Is anything beyond record-breaking Kevin Hart’s boundary for stand-up material? It seems not…

“Is everything funny? For me, yes. There’s a positive to every negative." he says.

"Even my divorce? For me, yes. If you go back and look at it, why it happened or how it happened, there’s something in there that’ll make you laugh.

“My mum passing away wasn’t funny, but that funeral and what I went through, the things that happened, looking back at it, there were funny moments.

“You have to be strong enough to look back at it, to sit and assess the situation. I’ve done that several times, re-evaluate so many things and no matter how bad they are, I’ve somehow come out with a positive thought behind it, and I live by it. Life is too short.”

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Kevin Hart had a ball at this year's VMA Awards, taking on hosting duties for the second time

It’s a mantra that has served well this stand-up star, fresh from hosting the VMA Awards in New York, where Miley Cyrus’s performance went down such a storm. (What did Kevin Hart think of Miley’s performance? Click here for what he has to say…)

In the 13 years since he broke through with a TV role in his friend Judd Apatow's TV series 'Undeclared, and later appeared in his film 'The 40-Year-Old Virgin', Hart has made it on small and large screen, and sell-out standup on both sides of the Atlantic, and it’s all built on a bed of transparency, it seems…

“Everything is an open book. I don’t speak on other people’s hardship, but if it happened in my life or something that has been an experience on my particular journey, I’m going to talk about it,” explains.

“That’s what my fan base appreciates the most. I’m universal. You can relate to the things I say or that I go through. It all shows that I’m human, I’m not a superhero.”

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Kevin Hart gets to grips with sharing the stage with Jamie Foxx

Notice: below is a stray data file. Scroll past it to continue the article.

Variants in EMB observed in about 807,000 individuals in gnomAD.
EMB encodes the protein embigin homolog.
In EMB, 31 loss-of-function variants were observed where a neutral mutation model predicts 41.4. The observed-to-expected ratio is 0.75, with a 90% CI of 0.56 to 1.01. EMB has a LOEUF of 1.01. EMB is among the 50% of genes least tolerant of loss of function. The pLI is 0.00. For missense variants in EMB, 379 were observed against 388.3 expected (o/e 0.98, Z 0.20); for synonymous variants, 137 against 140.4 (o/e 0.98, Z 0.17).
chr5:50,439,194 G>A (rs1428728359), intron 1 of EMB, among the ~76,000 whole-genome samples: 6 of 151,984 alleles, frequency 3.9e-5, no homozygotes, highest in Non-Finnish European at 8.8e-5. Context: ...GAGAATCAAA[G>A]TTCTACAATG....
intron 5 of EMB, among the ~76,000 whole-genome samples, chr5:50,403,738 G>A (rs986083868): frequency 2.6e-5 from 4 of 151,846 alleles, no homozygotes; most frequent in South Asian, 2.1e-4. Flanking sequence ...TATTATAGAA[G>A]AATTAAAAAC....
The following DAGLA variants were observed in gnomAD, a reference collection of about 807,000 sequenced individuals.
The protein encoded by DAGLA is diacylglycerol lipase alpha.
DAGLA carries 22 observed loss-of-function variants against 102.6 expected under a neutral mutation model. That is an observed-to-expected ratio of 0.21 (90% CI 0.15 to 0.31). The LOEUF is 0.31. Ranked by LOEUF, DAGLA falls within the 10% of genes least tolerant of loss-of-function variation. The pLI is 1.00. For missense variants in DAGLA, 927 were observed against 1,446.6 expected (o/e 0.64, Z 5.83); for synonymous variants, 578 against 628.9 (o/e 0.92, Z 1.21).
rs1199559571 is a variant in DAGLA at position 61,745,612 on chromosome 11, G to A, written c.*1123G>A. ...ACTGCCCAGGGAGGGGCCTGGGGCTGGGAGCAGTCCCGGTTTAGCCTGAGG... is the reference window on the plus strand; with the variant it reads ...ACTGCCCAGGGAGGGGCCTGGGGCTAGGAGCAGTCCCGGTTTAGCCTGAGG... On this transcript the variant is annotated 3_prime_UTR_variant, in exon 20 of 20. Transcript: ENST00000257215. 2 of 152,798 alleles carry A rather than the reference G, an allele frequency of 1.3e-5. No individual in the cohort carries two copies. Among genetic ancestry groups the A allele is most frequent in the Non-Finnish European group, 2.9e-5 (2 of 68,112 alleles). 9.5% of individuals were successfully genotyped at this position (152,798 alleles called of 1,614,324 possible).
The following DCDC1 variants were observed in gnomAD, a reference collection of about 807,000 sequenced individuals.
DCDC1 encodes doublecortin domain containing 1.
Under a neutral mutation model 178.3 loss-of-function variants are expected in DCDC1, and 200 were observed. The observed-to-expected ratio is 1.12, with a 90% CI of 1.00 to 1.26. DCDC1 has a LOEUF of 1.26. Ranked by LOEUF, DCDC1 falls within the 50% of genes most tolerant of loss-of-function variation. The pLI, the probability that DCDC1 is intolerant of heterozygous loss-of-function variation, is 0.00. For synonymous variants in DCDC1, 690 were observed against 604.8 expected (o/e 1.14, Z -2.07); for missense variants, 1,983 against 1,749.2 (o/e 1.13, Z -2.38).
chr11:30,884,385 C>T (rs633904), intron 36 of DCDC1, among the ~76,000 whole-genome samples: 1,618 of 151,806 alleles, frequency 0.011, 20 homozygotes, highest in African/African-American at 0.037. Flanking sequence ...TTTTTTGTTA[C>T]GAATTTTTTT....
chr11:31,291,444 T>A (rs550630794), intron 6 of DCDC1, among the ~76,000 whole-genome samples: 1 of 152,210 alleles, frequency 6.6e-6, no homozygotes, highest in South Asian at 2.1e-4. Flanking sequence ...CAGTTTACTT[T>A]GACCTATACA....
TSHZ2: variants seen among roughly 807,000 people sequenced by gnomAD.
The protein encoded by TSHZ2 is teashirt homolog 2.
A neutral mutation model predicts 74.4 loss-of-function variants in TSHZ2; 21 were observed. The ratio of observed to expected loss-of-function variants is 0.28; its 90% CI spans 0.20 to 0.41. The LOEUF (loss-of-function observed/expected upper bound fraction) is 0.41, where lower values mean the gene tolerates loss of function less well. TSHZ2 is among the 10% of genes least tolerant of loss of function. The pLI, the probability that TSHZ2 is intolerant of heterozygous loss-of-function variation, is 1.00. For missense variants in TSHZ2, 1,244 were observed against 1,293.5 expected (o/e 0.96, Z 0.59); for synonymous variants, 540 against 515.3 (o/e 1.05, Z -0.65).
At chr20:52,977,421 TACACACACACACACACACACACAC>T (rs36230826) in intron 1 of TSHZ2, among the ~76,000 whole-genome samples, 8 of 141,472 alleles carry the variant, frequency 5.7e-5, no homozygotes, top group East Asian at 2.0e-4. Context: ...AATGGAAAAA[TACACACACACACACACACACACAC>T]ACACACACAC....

Hart, in person, is smoothly articulate, aware of his own shortcomings (including his diminutive stature of 5'4", which inspired the title of his 'I'm a Grown Little Man' tour), and speaks like the product of many an hour in the psychiatrist’s chair… although he shakes his head at that idea…

“This is my therapy,” he explains, pointing to the poster for his stand-up film, out this week. “This is my therapeutic choice, me talking about problems to an audience is how I get things off my chest.”

As well as his stand-up success, documented in the film, culminating in a sell-out gig at New York’s Madison Square Garden and London’s own O2 arena, Hart’s film career is on a roll.

He’s one of Apatow’s ‘Wheel of Talent’, as he reveals they call themselves, but is stretching his wings beyond that ensemble…

“The beautiful thing about Judd is that he’s responsible for a group of actors, and launching a variety of them into stardom.

“We’re now all grown men, independently doing their thing, James Franco, Seth Rogen, Jason Siegel, Jonah Hill, myself, these are all Judd’s ‘search and finds’, we’ve all evolved into these successful actors, and we all know Judd’s responsible for it. He’s done enough, it’s time for us to do our thing.”

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Kevin Hart goes crowd-surfing at VMA Awards 2012

While he’s happy to wear his heart on his sleeve on stage, it’s clear that Kevin Hart doesn’t worry himself with the politics of those black comedians on whose shoulders he admits he stands…

“I don’t particularly need anything to protest against.

As far as civil rights and equal opportunity, nobody’s ever going to be completely happy or think that things are completely the way that they should be, but I think that things have gotten amazingly better, and you got to take your hat off to the people that were responsible for it.

But people don’t want drama, 365 days a year. I’m a sense of relief, it’s my job to take your mind off what’s bad for that brief second you’re in the room with me, regardless of shape, race, colour or anything, it brings people together, and it makes me feel good about what I’m doing. I don’t want to focus on negativity, or bring negativity into my particular world. I have a different world.”

Have there been any times of doubt for this incredibly open, over-achieving 34-year old? As well as receiving a buffalo chicken wing to the face in Atlantic City – “I disappeared off the stage, message received” – Hart has had deeper moments of self-doubt, seemingly behind him…

“There were moments when I didn’t know I was on stage,” he admits.

“I was trying to be everybody else, different characters that I saw on stage. I didn’t understand that being myself could be funny, and once I grasped that concept it was off to the races.”

'Kevin Hart Let Me Explain' is in selected cinemas nationwide from 30th August. Watch the trailer below...